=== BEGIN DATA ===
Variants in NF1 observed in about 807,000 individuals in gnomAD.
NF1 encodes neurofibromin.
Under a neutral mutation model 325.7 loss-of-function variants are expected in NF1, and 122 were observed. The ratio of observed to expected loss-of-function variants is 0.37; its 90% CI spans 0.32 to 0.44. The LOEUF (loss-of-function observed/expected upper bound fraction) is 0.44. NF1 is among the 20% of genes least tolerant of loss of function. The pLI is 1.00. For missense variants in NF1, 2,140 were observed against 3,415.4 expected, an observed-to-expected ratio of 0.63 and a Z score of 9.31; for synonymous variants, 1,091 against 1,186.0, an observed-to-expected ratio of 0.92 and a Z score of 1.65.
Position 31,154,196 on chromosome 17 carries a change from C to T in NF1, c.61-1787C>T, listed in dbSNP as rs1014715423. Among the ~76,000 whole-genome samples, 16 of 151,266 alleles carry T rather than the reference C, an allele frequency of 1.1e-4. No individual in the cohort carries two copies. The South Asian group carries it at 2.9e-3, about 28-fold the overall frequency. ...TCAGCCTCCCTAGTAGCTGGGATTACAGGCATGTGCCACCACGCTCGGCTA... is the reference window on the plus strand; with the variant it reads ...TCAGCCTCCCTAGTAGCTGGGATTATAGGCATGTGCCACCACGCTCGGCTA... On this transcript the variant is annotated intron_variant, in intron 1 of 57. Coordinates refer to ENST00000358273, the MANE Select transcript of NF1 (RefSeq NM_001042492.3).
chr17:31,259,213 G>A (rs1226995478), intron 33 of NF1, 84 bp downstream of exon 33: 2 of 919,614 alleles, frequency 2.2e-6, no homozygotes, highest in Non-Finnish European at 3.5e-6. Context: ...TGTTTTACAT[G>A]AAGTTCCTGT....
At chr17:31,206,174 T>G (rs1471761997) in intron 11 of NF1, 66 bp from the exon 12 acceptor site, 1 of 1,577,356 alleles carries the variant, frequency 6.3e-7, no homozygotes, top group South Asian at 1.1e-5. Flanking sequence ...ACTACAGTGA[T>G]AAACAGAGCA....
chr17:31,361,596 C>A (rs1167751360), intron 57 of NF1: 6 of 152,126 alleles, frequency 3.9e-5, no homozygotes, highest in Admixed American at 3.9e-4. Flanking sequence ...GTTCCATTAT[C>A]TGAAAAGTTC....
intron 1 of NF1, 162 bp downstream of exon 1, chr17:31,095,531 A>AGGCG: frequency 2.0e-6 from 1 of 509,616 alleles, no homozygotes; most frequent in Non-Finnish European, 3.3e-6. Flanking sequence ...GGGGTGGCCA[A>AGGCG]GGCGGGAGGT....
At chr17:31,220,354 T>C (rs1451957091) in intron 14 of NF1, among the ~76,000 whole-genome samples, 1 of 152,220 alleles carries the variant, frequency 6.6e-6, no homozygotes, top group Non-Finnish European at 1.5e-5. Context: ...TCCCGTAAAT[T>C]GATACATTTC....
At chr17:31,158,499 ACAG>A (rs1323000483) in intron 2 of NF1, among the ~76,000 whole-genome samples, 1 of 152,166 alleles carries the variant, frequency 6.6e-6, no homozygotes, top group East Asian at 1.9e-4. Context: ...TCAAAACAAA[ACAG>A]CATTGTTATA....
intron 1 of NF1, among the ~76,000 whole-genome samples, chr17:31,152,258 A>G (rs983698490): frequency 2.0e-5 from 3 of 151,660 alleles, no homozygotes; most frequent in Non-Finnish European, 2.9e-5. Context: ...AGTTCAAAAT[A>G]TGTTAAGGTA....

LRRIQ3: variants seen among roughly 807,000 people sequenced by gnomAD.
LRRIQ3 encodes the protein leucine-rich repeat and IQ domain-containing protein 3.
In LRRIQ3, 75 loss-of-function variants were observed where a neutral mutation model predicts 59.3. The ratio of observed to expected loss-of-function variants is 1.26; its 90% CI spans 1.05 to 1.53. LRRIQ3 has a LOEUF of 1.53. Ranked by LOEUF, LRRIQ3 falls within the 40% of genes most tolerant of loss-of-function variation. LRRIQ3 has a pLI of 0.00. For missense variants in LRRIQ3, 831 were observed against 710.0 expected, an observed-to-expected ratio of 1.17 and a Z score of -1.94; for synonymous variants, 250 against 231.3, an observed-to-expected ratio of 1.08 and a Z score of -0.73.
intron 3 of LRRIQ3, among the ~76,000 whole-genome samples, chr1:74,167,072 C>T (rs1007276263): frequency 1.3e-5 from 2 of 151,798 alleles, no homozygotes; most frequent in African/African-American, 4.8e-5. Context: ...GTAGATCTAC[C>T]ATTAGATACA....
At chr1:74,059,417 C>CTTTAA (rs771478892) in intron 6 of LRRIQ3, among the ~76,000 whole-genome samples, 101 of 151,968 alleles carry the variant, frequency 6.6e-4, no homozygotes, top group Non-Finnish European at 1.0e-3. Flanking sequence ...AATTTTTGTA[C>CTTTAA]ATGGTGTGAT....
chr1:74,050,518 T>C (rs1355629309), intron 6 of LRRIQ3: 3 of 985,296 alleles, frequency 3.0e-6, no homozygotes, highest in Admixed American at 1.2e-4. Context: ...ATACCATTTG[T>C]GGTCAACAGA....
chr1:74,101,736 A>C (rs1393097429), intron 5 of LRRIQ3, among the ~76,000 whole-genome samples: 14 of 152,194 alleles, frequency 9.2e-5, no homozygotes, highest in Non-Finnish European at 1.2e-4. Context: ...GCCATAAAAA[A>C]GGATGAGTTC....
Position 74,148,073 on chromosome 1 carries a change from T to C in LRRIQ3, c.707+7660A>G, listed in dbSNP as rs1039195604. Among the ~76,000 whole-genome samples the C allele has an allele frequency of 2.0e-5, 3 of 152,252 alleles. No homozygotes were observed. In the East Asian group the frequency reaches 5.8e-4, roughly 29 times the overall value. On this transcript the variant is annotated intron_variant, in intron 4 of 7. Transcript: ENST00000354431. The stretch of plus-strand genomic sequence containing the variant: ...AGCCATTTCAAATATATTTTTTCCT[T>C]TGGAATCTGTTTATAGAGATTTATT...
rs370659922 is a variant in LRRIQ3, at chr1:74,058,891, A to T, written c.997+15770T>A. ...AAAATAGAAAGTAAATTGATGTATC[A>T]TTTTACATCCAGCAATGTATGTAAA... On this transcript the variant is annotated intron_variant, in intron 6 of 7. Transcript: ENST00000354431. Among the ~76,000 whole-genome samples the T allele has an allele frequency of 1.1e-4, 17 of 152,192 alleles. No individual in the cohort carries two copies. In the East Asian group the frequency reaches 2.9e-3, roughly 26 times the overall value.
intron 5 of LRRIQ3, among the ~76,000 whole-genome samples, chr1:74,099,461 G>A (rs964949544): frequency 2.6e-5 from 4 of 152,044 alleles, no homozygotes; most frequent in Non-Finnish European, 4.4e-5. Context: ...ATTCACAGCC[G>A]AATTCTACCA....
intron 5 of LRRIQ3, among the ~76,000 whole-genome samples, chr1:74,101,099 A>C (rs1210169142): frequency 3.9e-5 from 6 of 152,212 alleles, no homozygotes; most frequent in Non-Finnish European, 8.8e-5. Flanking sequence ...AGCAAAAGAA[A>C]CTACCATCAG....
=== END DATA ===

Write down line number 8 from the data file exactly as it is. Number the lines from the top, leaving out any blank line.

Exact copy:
intron 1 of NF1, 162 bp downstream of exon 1, chr17:31,095,531 A>AGGCG: frequency 2.0e-6 from 1 of 509,616 alleles, no homozygotes; most frequent in Non-Finnish European, 3.3e-6. Flanking sequence ...GGGGTGGCCA[A>AGGCG]GGCGGGAGGT....